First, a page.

Everywhere we look, we are bombarded with health messages, usually across a variety of media platforms. How to prevent disease. How to treat disease. These days, a person has to be able to think critically not just about the message being transmitted (i.e., Is it credible? Does it apply to my personal circumstances?), but also about the messenger transmitting the message (i.e., Is the information from a trusted source? Are there any conflicts of interest or external motivations that may be influencing the message?). In an age of such complexity, it has never been more important to educate ourselves about health and healthy living. We need to become critical thinkers, so that we can appraise the messages and the messengers. There’s a lot of health information out there – too much to stay on top of by ourselves. That’s why we also need to identify trusted curators of health information, who can help us sort through all the noise to find the signal.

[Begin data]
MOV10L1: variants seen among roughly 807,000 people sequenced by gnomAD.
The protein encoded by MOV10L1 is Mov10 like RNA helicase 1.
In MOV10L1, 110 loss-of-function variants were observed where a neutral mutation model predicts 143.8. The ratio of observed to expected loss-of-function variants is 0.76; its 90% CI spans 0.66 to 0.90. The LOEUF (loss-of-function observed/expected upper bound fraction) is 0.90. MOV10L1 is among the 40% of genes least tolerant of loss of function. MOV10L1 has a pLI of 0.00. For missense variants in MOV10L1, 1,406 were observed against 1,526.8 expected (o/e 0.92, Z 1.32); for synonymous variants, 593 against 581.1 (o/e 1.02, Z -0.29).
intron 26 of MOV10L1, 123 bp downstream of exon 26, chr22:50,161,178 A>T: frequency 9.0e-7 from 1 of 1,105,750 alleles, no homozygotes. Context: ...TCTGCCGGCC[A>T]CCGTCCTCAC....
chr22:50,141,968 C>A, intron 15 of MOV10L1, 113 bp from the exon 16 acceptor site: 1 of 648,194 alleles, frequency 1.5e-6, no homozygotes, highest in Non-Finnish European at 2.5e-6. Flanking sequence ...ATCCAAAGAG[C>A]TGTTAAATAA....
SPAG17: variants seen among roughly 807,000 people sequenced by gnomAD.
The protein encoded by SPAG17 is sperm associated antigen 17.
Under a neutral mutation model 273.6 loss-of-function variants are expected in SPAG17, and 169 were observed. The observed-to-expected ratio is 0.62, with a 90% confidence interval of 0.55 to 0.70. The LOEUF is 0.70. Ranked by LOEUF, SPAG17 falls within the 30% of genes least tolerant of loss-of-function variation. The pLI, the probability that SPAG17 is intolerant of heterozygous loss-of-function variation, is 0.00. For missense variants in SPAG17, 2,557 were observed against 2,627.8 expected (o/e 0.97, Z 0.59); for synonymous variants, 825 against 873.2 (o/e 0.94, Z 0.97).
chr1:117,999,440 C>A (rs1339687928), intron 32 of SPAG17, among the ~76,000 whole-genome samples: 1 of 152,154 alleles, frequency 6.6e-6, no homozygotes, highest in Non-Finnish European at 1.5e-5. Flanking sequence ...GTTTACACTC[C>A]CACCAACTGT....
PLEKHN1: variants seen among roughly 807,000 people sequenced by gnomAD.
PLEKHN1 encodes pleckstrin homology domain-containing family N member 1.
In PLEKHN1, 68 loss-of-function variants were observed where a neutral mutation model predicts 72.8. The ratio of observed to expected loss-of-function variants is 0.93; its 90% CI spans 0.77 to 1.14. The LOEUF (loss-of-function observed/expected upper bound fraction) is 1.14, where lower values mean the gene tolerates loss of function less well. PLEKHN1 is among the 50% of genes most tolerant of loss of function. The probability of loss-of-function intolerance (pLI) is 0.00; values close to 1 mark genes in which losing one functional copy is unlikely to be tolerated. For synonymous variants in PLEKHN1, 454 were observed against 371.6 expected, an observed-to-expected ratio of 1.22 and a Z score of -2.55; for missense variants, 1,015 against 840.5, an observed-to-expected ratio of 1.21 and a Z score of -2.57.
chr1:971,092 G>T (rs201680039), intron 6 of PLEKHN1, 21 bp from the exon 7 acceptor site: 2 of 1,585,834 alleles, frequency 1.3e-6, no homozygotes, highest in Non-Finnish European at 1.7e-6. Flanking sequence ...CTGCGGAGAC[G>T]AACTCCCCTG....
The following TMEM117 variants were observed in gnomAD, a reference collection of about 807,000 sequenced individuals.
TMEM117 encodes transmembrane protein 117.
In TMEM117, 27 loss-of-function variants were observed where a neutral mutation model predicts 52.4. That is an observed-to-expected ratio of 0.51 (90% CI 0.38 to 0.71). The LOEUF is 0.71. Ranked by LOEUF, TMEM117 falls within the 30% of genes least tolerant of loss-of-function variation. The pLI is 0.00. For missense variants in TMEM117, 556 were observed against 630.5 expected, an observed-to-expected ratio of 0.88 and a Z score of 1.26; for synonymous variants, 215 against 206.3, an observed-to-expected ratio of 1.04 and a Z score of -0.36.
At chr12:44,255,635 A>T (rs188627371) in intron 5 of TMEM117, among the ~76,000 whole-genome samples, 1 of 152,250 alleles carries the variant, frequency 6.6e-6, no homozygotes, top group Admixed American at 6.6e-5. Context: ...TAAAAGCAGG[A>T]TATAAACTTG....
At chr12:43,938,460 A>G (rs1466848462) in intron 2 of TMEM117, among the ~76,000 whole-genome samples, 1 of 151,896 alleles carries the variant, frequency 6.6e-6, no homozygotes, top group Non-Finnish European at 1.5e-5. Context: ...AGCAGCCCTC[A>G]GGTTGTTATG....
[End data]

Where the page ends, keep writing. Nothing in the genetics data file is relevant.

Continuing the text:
An excellent, plain language resource to start educating oneself about health messages is the free, open-source book by Woloshin, Schwartz, and Welch called Know Your Chances.